Choosing the Right Die Cast Mold Components:
How the right materials and design affect performance
Choosing the right materials for and perfecting the design of each die cast mold component is important. The mold design is vital for ensuring the quality of die cast parts. The mold has a significant effect on the shape, configuration, quality, and uniformity of your products, and having an effective, well thought-out design can improve production time and efficiency.
Here are some things to consider when designing the components for a die-cast mold for your project.
Die cast mold components are most commonly made from high strength steels, due to their excellent resistance. The service life of the die is highly dependent on the material that make up the components of the mold, which should be chosen based on the temperatures each component will undergo during operation. The higher the temperature, the more serious the damage and wear that can occur.
Another thing to consider is that each part of the die cast mold works under different conditions of impact and wear. Parts that come directly into contact with the liquid metal need to be much stronger than those that don’t. The requirements of each component largely depends on its specific purpose.
That being said, many parts of the mold will come into direct contact with liquid metal at high temperatures, pressures, and speeds. As a result, these parts are the most susceptible to scouring, wear, high-temperature oxidation, and corrosion. Hence the need for high strength casting steels. These steels must have high thermal fatigue resistance, thermal conductivity, wear resistance, and resistance to corrosion in order to maintain the performance of the die casting die.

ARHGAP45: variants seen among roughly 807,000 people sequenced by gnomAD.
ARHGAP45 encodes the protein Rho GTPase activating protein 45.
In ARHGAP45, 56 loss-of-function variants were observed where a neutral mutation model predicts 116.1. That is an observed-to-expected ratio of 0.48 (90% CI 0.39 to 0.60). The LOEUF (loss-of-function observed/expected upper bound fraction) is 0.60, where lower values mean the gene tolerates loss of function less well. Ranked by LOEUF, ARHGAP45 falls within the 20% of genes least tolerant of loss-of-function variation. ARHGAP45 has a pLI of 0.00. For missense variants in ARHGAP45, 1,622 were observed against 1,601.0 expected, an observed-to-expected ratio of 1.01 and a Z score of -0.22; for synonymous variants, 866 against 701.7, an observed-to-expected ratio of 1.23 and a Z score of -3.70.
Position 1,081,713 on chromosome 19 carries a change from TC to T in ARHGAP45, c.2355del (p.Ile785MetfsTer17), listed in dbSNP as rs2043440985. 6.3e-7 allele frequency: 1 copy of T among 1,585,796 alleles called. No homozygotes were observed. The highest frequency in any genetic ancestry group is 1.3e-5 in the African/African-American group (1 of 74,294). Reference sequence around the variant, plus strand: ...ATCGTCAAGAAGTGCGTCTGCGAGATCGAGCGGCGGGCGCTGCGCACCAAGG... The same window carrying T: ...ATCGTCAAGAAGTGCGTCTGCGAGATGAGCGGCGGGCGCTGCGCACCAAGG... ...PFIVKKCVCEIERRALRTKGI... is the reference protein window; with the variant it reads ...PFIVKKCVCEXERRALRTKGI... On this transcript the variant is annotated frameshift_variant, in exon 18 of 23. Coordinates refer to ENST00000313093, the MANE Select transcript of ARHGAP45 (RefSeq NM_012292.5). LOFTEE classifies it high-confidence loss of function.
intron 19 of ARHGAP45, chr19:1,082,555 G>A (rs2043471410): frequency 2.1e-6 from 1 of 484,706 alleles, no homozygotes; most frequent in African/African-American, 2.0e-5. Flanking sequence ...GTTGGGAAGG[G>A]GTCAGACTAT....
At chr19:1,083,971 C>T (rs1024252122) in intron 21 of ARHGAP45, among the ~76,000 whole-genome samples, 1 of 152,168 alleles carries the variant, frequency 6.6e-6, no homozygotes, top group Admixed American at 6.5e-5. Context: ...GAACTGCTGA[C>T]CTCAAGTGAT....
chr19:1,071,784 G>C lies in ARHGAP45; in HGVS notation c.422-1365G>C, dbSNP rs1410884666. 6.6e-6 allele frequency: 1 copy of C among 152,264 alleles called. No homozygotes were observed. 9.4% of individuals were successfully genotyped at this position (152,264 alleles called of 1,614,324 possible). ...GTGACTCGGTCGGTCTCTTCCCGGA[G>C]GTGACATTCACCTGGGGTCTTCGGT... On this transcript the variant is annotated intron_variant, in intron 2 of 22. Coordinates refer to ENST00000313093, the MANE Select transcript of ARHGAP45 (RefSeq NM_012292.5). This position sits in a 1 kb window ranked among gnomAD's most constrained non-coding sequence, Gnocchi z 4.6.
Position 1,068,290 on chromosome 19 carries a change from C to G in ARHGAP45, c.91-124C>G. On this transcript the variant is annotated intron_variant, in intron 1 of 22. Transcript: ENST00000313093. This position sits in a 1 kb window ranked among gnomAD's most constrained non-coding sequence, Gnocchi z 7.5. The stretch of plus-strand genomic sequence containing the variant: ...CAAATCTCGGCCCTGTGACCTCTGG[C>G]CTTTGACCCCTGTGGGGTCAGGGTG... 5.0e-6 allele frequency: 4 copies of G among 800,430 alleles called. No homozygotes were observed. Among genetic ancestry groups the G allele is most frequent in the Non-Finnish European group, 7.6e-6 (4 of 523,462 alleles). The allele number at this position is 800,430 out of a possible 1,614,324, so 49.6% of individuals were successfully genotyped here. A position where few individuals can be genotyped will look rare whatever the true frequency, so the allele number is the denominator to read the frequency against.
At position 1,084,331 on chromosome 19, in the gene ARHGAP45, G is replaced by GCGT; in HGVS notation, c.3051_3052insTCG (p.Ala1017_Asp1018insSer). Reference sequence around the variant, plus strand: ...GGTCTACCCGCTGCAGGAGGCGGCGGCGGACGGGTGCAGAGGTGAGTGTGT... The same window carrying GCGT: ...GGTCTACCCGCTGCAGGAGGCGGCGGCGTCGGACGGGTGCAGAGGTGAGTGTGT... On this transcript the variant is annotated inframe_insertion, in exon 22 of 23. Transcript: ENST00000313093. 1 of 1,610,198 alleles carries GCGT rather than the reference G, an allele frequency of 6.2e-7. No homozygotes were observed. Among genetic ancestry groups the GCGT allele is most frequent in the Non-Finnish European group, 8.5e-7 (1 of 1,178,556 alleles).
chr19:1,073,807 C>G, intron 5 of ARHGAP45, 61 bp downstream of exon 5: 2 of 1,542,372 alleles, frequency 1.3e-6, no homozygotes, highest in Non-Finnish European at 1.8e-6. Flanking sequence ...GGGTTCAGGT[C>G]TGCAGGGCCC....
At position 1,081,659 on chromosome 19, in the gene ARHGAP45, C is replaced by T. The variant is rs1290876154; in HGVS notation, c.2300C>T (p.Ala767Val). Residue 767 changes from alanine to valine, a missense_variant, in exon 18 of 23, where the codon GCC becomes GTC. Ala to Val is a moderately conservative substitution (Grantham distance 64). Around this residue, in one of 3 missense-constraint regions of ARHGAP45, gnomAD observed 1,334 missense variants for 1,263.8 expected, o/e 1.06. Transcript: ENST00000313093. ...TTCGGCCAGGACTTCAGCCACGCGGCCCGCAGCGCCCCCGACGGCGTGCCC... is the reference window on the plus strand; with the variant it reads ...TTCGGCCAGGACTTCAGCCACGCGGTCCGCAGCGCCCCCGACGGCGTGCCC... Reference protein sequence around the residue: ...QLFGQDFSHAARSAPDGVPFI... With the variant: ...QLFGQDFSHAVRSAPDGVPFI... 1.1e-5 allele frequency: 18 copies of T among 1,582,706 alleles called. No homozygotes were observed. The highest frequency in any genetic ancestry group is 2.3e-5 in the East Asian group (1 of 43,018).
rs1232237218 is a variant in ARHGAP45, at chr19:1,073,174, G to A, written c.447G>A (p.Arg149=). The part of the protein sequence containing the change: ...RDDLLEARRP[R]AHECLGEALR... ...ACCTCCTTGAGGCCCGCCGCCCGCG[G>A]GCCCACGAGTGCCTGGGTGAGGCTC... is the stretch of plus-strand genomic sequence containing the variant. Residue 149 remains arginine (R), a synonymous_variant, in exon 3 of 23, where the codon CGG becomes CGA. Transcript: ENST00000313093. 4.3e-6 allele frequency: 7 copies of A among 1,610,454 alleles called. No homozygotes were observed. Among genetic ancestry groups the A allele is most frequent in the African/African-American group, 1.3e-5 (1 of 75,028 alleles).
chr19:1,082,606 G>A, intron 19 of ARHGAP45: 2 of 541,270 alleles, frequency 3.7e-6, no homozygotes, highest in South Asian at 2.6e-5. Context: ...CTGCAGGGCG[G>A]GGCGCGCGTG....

There are many different types of die steels to choose from, and your material choice will depend on the characteristics required, as well as the type of metal being cast. For instance, molds for zinc die casting operate under lower working temperatures, so common die steels, alloy steels, and even low carbon steels perform well. However, aluminum die casting requires much higher strength steel as a result of the much higher operating temperatures. Be sure to invest time into researching the steels that you want to use in your die cast molds so that you find one with properties that meet your requirements.
The mold’s design will depend heavily on the product design of the part being cast. However, die cast mold design will affect the final quality, uniformity, and configuration of the finished parts. Proper design can boost production time and efficiency, and also should account for what may occur during production, such as features of the part that could potentially be difficult to cast. The design of a die-cast mold and its components also determines its function. Prototyping dies for instance, tend to be specialized and complex, while production molds are designed to produce simpler parts at high volumes and rapid speed.
When it comes to design, for both the mold and the product that it will create, there are several fundamental aspects of the part to keep in mind. The most important include looking for undercuts, examining the draft angle, keeping the thickness of the walls as uniform as possible, and looking for other features as well, such as the locations of the parting line, fillets, bosses, and more. Each of these features will greatly affect the design of the mold. For more information about these and other specific die features, check out our Product Design page where we have a much more in depth guide on each aspect.
Are you looking for a supplier of die casting services?
Cast-Rite Corporation has been a leading supplier of die cast parts for over seventy years. We provide zinc and aluminum die casting services for a variety of industries, as well as several quality control checks to ensure that each part conforms to the customer’s design specifications. To learn more, check out our website today.